US economy plummets, hopes rest on support measures

The gross domestic product of the United States crashed in the first half of 2020. The latest growth figures from the second quarter show how deep the US economy has fallen: According to these figures, economic output fell at an annualized rate of almost 33 percent between April and June – the steepest decline in the US economy ever, at least in the period after the Second World War. Economic output already contracted in the first three months of the year at an annualized rate of 5 percent compared with the final quarter of 2019. The previous year’s level is a long way off.

The Corona pandemic is to blame for the crash: fear of contagion and tough lockdown measures caused enormous losses, particularly in terms of investment and private consumption. The number of unemployed rose to dizzying heights, with the unemployment rate peaking at almost 15 percent in April. This shook the consumption-driven US economy to its core.

In the meantime, however, the economy has made its way out of the deep gorge. It has climbed the first few metres surprisingly quickly. That gives hope. Thanks to the easing of many restrictions, numerous economic indicators recovered noticeably from June onwards. However, there have also been the first disappointments of late, such as the setback in consumer sentiment. The situation remains difficult.

That is why the time for support measures is now just right: a new fiscal program by the government is currently being negotiated. This will probably be based primarily on the continuation of consumer incentives. There is to be a new round of one-off payments to a majority of households. And unemployment benefits are also to continue to be topped up with central government subsidies. These measures make sense because they are quite capable of giving the economy a boost at the right time.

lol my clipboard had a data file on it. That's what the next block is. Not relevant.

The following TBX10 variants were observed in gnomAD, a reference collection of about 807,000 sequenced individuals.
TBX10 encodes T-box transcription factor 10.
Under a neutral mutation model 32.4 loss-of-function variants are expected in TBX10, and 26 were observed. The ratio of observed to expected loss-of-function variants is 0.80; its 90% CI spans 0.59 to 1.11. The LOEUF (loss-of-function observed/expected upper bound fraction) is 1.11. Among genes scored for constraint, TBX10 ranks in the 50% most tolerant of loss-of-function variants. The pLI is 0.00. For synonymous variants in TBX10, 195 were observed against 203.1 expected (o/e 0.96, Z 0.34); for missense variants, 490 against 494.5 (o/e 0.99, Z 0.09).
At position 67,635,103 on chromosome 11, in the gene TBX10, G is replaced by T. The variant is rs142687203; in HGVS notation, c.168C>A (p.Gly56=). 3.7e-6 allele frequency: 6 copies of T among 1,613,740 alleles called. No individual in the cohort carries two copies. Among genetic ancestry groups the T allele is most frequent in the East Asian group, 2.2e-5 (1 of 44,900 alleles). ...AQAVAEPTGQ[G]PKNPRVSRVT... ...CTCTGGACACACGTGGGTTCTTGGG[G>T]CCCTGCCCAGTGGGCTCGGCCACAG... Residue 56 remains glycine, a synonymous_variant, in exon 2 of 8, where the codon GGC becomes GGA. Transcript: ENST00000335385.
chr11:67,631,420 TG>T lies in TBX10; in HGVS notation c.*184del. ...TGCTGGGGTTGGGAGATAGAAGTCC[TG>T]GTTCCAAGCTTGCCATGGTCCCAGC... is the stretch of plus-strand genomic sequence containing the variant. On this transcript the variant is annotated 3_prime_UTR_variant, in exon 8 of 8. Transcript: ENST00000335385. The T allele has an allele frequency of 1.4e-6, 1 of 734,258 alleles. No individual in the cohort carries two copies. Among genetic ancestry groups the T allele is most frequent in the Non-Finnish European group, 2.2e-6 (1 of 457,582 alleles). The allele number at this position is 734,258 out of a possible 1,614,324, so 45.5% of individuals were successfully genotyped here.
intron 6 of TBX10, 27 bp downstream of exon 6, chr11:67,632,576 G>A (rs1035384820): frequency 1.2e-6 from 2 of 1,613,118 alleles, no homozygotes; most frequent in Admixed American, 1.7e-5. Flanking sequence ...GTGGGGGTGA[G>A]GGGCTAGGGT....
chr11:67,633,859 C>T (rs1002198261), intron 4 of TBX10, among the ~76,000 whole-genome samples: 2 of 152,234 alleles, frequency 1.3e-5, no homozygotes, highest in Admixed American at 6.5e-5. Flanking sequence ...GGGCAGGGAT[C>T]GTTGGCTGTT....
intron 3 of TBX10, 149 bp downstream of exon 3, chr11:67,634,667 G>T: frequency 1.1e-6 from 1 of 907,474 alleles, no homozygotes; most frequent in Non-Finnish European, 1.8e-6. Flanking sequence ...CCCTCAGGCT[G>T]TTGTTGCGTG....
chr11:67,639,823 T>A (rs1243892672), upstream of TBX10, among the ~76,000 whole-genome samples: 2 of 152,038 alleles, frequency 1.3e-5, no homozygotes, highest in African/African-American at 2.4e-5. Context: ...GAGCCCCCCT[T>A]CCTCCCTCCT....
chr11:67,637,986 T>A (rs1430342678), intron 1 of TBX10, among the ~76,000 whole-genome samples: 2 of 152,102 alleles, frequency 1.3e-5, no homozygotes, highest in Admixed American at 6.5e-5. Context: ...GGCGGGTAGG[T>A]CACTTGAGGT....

The central bank will also continue to support the economy: Although, as expected, the US monetary authorities did not make any fundamental changes to the monetary policy course at their meeting this week. However, they have emphasized that they will continue to use all monetary policy instruments at their disposal to support the U.S. economy. According to Federal Reserve Chairman Powell, a high degree of monetary policy support is still needed. The Federal Reserve will therefore continue its bond purchases at least at the current pace.

Nevertheless, the outlook for the US economy remains cloudy overall. The damage caused by the pandemic is too great to be made good in the current year. Uncertainty due to the virus remains high for the time being and this is dampening consumer spending and reducing companies‘ willingness to invest. For 2020 as a whole, we expect the United States‘ gross domestic product to decline by 5.0 percent compared with the previous year. Next year, by contrast, it is likely to grow only comparatively moderately at 4.0 percent.

 

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